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Etten v. Lovell Mfg. Co.

decided: September 29, 1950; As Amended October 17, 1950.


Author: Biggs

Before BIGGS, Chief Judge, and MARIS and KALODNER, Circuit Judges.

BIGGS, Chief Judge.

On October 22, 1943 Etten sued Lovell Manufacturing Company (Lovell) and Kauffman. A patent, No. 2,054,970 for a "Safety Release Mechanism" for power driven roll wringers of washing machines, had issued to Etten on September 22, 1936, on an application, S.N. 648,620, filed by him on December 23, 1932. Thereafter, on October 7, 1937, Etten filed an application, S.N. 167,775, for the reissue of the patent. Previous thereto, on September 3, 1935, Etten had filed an application, S.N. 38,932, for a "Wringer Release Mechanism" for power driven roll wringers of washing machines. On October 25, 1934 Jantz filed an application, S.N. 749,977, for a patent for a somewhat what similar device, and assigned the title of the application to Lovell. On February 15, 1938 the Commissioner of Patents declared an interference, No. 75,433, between Etten's application, S.N. 38,932, and the Jantz application, S.N. 749,977.

On April 25, 1939, the Commissioner declared an interference, No. 76,987, between Etten's reissue application, S.N. 167,775, and the Jantz application, S.N. 749,977. After hearing on the interferences, Nos. 75,433 and 76,987, the Examiner of Interferences awarded priority to Jantz and on appeal that decision was affirmed by the Board of Appeals of the Patent Office. No review was sought by Etten of the decisions on these interferences by the United States Court of Customs and Patent Appeals.

The instant suit in the court below was filed pursuant to R.S. § 4915, 35 U.S.C.A. § 63, and Etten sought thereby an adjudication that he was entitled to a patent for the claims in the Jantz application set forth in certain counts in the interferences, Nos. 75,433 and 76,987. It is not necessary to specify the contents of the counts in the interferences in this opinion. In the suit Etten also prayed for a declaratory judgment that he was entitled to the invention claimed in the counts referred to and, alleging a conspiracy between Lovell and Kauffman to defraud the Patent Office by procuring a fictitious early date of conception of invention for Jantz resulting in priority of invention being awarded to Jantz, he sought also to recover damages and the awarding of a counsel fee.*fn1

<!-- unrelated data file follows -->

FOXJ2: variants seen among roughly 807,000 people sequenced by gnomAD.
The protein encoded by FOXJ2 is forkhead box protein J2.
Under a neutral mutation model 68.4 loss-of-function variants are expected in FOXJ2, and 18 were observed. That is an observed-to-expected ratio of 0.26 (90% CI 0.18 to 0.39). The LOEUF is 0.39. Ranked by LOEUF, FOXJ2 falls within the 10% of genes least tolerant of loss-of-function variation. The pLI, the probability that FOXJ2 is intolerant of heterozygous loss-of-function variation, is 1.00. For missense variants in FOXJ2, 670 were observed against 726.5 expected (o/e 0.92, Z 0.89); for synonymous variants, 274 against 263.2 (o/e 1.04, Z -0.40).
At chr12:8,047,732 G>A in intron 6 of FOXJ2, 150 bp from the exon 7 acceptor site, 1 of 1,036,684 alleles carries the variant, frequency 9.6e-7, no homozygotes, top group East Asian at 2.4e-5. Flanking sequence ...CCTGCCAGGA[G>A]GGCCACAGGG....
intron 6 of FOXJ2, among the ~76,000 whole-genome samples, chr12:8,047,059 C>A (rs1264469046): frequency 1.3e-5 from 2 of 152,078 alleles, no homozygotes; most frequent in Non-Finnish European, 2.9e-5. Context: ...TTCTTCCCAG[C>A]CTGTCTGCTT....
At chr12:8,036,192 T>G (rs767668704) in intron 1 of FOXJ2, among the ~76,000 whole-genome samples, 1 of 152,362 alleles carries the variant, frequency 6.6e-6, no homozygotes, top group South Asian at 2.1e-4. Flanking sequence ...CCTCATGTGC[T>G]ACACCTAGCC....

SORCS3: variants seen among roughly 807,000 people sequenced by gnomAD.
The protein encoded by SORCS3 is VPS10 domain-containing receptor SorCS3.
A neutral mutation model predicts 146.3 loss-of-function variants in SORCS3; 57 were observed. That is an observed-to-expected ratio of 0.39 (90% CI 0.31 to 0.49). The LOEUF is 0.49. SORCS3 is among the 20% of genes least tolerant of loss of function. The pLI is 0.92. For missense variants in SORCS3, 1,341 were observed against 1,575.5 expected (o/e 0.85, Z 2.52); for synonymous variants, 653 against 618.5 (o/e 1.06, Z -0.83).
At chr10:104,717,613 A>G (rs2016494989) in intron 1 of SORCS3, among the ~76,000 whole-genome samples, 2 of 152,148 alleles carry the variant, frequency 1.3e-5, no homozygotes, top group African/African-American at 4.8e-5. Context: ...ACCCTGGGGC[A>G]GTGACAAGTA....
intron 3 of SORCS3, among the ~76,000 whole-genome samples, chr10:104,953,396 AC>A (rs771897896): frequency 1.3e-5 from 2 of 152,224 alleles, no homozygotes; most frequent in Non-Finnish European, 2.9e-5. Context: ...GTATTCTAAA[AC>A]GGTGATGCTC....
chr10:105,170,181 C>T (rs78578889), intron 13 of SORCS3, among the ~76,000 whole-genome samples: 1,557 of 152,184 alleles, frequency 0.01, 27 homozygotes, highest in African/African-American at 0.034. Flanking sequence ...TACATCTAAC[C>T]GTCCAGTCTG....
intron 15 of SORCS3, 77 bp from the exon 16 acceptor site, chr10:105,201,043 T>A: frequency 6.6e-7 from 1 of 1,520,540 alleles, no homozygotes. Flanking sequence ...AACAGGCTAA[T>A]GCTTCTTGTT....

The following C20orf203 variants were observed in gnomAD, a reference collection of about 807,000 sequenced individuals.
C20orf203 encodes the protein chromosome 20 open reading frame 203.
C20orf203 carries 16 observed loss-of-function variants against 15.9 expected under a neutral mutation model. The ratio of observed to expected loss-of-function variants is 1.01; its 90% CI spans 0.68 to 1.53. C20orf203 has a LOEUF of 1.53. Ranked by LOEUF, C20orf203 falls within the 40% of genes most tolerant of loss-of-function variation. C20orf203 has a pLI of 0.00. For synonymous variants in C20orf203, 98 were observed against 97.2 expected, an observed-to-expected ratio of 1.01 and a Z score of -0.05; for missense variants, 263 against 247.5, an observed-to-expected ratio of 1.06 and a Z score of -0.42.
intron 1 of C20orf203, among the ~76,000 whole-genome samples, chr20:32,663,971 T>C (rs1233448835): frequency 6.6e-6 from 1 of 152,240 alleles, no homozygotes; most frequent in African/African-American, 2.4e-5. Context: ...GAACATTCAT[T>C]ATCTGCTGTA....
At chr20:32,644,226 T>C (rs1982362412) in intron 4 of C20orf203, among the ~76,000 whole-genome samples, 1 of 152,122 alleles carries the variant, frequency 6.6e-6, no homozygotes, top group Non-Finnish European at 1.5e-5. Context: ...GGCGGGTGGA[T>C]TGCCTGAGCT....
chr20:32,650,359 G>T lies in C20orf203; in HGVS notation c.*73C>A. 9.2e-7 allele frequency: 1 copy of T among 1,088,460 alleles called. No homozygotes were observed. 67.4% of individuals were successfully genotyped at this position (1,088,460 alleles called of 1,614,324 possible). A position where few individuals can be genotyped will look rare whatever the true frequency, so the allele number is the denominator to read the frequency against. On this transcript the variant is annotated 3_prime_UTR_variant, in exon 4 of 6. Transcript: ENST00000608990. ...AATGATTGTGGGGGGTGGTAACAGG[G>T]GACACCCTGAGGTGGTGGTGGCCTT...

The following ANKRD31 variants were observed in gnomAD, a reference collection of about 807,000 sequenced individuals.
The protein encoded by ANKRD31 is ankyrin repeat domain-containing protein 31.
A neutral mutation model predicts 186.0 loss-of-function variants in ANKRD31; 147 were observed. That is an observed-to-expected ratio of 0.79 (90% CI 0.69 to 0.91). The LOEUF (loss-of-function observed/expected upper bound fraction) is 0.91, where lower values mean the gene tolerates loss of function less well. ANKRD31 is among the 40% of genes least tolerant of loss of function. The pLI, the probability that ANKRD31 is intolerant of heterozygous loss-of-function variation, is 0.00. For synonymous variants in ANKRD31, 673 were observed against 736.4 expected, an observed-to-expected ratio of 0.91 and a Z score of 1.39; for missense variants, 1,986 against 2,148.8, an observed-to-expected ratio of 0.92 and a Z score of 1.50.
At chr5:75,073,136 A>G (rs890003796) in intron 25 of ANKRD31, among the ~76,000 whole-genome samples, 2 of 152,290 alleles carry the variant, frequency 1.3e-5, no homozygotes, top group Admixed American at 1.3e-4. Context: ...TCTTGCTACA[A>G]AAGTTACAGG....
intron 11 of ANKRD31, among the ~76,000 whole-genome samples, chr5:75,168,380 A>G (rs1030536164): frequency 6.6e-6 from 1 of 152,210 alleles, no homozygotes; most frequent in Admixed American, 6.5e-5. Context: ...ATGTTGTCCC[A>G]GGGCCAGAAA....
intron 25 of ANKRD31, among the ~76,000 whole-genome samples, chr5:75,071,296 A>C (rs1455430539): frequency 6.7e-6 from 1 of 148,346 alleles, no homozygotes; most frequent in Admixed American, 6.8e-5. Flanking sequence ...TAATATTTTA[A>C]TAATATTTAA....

After October 5, 1939*fn2 two further interferences were declared between Etten and Jantz. One, No. 77,671, involved the Jantz application S.N. 749,977 and Etten's application S.N. 38,932. The other interference, No. 77,672, involved the Jantz application S.N. 749,977 and Patent No. 2,054,970, issued to Etten on his application S.N. 648,620, filed by him on December 23, 1932. It is unnecessary to specify here the contents of the counts in these interferences. Etten lost and appealed to the United States Court of Customs and Patent Appeals which decided the appeals in favor of Jantz on January 3, 1944, on the basis of the record before the Patent Office Board of Interference Examiners. See Etten v. Jantz, 31 C.C.A., Patents, 1177, 142 F.2d 680.

On October 15, 1946, on the basis of allegations that on September 3, 1946 Patent No. 2,406,951 issued to Lovell on Jantz application S.N. 749,977 and that the substance of that patent is in conflict with the disclosures of Etten's Patent No. 2,054,970, Etten moved to amend his complaint and to include in it an action based on R.S. § 4918, 35 U.S.C.A. § 66, to have Patent No. 2,406, 951 declared invalid.

On October 21, 1946 the case at bar came on for trial on that portion of the complaint based on R.S. § 4915 and the answer thereto. Etten was asked on direct examination if he was the person that was seeking a patent in the instant case and he replied that he was. He was then asked, "And you are properly entitled to bring this suit and were the party that testified in the previous [Patent Office] proceedings?" He replied, "I am, sir." He was not further examined as to his right to maintain the suit. Etten concluded the testimony in his case in chief shortly thereafter and the defendants informed the court that the proof in their case would consist "* * * in merely the introduction of exhibits" which were on a designated list. These exhibits included copies of the interference proceedings. We will deal with certain documents included in the interference proceedings and relating to the title of the disclosures of the applications at a later point in this opinion.

On October 21, 1947 the court below allowed the R.S. § 4918 amendment to the complaint and thereafter, on November 20, 1947, the defendants filed a supplemental answer and a counterclaim. The counterclaim asserted, inter alia, that the Etten Patent No. 2,054,970 was invalid over the prior art and that the "Chamberlain Corporation of Waterloo, Iowa, a corporation of Iowa, is the beneficiary of and is actively participating in the infringement and in these suits. Plaintiff * * * Etten is the active executive officer of Chamberlain Corporation." Etten filed a motion to dismiss the counterclaim on the ground that Chamberlain Corporation was an indispensable party and that no proper service had been made on the corporation.